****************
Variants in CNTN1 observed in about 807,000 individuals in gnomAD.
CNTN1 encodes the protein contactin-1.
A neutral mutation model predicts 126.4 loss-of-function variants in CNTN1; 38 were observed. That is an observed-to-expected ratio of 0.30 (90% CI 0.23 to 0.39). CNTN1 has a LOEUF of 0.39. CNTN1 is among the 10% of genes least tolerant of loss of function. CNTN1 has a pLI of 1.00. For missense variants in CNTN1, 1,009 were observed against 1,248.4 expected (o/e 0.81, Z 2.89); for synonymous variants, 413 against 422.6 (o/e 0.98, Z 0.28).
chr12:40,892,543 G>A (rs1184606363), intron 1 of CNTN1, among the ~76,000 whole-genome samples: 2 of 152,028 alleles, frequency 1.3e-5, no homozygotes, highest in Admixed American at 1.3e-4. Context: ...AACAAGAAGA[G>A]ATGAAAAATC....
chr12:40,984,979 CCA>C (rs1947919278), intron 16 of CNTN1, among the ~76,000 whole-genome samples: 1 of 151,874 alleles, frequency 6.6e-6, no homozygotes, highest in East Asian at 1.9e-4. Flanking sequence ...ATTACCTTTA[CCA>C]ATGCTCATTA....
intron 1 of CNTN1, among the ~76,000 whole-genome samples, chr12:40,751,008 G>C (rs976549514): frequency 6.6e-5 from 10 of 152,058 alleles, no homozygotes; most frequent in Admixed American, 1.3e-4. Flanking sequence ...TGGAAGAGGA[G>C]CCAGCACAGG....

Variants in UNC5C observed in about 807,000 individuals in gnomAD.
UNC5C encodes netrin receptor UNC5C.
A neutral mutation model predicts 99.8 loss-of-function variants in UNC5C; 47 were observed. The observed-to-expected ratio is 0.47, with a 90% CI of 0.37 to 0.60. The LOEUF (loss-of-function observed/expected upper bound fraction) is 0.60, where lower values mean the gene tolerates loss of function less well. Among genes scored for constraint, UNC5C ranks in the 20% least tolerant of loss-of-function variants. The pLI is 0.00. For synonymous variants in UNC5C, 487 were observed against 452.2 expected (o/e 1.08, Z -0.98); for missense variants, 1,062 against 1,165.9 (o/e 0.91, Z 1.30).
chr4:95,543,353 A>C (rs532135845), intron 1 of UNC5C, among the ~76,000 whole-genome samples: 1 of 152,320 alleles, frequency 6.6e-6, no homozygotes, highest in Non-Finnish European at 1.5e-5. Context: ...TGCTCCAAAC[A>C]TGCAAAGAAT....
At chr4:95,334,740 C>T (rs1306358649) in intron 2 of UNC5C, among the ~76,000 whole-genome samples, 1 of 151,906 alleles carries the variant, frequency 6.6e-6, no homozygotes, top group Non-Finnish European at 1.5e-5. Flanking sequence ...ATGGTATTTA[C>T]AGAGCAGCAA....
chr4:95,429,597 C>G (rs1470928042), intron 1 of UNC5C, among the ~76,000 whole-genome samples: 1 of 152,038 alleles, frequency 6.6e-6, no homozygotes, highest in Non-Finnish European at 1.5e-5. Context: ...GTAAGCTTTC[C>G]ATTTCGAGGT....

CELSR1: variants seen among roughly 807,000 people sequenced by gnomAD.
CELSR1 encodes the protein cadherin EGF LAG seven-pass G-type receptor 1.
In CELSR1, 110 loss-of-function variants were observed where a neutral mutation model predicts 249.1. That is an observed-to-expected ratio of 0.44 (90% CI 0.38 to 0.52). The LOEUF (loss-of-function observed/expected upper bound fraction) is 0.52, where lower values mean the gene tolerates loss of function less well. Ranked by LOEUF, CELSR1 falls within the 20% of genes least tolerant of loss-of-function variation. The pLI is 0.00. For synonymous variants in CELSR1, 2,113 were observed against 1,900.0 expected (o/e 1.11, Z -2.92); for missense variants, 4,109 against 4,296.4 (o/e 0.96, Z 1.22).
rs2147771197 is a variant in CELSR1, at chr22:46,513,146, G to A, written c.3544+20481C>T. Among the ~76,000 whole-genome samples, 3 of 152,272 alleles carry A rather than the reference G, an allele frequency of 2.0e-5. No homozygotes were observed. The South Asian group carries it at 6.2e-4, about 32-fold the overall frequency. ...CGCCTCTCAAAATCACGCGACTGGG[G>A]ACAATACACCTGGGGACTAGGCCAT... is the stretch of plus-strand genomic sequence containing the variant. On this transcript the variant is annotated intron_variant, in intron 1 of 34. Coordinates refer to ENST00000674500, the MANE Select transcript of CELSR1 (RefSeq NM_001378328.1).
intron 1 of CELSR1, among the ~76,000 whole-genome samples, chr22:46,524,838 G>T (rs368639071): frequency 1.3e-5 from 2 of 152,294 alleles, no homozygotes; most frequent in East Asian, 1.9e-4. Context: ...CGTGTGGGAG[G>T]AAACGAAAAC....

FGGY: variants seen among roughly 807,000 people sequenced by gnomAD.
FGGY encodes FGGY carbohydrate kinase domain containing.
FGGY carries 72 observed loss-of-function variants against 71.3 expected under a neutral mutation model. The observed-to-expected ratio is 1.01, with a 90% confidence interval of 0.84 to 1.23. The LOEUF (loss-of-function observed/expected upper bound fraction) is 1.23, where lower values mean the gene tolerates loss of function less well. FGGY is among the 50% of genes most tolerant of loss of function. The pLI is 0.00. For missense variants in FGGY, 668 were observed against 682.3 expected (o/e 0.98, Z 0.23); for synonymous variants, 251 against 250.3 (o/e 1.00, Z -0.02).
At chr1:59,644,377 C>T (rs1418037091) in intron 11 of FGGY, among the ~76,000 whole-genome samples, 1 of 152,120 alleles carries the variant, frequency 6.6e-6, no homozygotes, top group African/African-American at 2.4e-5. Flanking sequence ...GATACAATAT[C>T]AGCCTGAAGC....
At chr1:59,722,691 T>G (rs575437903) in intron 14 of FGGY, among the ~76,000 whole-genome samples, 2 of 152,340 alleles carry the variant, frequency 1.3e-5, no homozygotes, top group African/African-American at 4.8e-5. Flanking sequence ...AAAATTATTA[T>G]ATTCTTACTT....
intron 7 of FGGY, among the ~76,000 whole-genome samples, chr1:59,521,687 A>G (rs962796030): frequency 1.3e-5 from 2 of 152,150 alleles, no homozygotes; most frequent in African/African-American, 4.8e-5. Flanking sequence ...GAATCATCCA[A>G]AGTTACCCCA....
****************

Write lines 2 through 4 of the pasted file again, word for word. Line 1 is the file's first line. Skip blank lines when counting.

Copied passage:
CNTN1 encodes the protein contactin-1.
A neutral mutation model predicts 126.4 loss-of-function variants in CNTN1; 38 were observed. That is an observed-to-expected ratio of 0.30 (90% CI 0.23 to 0.39). CNTN1 has a LOEUF of 0.39. CNTN1 is among the 10% of genes least tolerant of loss of function. CNTN1 has a pLI of 1.00. For missense variants in CNTN1, 1,009 were observed against 1,248.4 expected (o/e 0.81, Z 2.89); for synonymous variants, 413 against 422.6 (o/e 0.98, Z 0.28).
chr12:40,892,543 G>A (rs1184606363), intron 1 of CNTN1, among the ~76,000 whole-genome samples: 2 of 152,028 alleles, frequency 1.3e-5, no homozygotes, highest in Admixed American at 1.3e-4. Context: ...AACAAGAAGA[G>A]ATGAAAAATC....